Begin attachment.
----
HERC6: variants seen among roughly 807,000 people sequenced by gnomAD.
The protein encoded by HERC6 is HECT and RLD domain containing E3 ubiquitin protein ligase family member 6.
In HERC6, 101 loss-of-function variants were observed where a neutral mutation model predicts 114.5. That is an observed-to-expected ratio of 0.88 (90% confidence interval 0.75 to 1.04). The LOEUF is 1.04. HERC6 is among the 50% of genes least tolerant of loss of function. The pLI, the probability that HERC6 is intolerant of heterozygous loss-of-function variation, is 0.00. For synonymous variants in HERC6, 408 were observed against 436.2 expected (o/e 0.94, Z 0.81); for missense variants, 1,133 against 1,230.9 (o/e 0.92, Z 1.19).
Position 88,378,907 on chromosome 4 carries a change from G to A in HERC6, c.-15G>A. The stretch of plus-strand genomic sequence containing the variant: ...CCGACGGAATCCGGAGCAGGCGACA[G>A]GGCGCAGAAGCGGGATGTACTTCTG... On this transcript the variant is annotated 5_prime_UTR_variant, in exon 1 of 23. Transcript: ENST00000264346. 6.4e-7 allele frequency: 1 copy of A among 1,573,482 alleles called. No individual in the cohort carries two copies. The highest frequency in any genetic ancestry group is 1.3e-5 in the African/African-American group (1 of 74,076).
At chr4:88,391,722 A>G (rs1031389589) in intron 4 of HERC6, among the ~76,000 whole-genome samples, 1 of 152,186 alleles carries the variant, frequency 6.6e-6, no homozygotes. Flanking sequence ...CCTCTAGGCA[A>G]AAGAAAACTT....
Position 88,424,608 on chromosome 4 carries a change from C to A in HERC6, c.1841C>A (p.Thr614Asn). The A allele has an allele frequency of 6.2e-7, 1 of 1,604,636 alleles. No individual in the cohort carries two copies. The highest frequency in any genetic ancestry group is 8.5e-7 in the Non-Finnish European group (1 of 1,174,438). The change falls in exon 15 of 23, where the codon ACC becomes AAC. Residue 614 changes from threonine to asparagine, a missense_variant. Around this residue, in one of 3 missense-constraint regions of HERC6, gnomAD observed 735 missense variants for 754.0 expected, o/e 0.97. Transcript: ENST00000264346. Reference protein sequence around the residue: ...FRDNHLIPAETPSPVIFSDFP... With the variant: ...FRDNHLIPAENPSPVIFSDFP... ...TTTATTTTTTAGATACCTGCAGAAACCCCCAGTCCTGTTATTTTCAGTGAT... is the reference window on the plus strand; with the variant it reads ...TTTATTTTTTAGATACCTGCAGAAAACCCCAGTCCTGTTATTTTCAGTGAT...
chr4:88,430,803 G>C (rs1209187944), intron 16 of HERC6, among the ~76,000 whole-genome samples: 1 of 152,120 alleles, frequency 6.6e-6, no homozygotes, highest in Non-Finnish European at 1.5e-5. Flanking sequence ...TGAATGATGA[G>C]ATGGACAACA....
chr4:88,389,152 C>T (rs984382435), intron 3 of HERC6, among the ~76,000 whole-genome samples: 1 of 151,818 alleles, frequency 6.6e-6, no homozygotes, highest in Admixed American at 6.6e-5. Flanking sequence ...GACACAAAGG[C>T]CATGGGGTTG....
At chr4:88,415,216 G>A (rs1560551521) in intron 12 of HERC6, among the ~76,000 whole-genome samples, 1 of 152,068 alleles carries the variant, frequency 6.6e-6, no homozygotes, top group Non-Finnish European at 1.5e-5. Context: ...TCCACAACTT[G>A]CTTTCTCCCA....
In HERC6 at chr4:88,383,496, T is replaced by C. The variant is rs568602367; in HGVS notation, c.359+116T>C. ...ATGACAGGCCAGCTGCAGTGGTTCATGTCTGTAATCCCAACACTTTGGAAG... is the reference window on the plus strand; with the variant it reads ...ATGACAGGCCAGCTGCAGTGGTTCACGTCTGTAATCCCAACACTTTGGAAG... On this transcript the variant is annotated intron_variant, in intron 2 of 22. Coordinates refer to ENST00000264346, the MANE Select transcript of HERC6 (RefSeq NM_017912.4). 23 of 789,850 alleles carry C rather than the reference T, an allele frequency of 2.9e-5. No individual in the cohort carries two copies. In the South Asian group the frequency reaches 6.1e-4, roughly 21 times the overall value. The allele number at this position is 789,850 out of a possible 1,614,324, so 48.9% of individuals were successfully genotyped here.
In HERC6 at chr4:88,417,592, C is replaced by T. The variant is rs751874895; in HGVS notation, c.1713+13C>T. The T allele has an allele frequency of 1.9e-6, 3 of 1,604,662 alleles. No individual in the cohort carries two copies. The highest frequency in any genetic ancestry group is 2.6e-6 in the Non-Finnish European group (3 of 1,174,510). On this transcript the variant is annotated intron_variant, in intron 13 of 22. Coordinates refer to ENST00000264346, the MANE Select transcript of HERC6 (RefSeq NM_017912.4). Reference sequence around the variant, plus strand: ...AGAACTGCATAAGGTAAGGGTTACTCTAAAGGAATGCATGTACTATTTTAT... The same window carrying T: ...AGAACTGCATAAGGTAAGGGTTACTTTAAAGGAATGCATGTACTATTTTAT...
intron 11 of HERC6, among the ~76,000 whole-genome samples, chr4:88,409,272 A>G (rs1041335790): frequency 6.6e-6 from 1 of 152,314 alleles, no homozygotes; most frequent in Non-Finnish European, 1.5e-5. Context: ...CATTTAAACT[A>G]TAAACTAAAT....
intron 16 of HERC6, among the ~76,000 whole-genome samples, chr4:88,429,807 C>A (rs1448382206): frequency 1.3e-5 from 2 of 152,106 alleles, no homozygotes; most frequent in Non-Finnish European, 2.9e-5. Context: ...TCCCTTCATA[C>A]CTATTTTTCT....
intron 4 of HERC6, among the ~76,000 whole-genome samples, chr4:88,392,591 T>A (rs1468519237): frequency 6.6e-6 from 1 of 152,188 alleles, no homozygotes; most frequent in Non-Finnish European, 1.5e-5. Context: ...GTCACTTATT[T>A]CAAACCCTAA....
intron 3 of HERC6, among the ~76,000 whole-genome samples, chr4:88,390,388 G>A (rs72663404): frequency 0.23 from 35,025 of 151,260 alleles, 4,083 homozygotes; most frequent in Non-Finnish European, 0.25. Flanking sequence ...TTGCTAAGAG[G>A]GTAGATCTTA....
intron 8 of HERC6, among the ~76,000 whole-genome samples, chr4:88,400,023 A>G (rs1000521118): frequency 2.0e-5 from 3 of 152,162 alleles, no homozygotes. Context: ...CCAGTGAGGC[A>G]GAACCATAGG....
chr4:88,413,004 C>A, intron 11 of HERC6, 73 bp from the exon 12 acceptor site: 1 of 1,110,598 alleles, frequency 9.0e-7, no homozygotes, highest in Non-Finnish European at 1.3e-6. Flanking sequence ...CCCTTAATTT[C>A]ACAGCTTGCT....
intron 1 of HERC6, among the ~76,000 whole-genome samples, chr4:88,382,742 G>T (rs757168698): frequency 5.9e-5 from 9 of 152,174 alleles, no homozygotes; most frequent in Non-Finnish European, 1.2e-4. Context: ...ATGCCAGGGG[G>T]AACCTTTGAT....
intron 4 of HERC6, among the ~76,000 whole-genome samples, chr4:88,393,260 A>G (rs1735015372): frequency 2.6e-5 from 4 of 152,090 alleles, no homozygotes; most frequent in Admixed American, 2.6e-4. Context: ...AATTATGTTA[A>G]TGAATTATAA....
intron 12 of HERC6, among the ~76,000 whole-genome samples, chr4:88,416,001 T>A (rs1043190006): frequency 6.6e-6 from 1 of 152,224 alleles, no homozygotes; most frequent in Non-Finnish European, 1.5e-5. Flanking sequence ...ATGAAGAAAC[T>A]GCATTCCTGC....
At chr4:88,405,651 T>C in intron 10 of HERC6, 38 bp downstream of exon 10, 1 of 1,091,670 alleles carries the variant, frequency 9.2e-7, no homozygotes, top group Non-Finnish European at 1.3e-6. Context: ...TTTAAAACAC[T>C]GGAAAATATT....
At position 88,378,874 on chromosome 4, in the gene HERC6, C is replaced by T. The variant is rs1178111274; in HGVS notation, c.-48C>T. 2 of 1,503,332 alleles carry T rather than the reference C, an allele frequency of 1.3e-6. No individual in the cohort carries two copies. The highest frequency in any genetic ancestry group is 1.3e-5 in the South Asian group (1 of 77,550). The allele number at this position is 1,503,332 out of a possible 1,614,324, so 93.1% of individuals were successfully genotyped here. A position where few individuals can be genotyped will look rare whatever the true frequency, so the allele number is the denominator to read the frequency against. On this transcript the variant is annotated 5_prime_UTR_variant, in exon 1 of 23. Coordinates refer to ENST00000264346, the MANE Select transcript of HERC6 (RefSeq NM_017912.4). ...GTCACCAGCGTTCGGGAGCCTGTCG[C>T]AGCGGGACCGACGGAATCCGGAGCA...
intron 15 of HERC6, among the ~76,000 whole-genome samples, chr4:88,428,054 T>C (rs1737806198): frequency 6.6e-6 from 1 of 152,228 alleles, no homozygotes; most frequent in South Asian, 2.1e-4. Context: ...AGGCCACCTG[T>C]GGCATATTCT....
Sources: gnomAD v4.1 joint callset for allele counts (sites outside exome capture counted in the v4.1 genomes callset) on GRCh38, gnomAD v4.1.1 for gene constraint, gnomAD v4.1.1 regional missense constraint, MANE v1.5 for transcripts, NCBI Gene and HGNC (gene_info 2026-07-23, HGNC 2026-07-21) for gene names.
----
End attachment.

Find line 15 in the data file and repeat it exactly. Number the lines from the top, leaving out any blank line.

intron 3 of HERC6, among the ~76,000 whole-genome samples, chr4:88,390,388 G>A (rs72663404): frequency 0.23 from 35,025 of 151,260 alleles, 4,083 homozygotes; most frequent in Non-Finnish European, 0.25. Flanking sequence ...TTGCTAAGAG[G>A]GTAGATCTTA....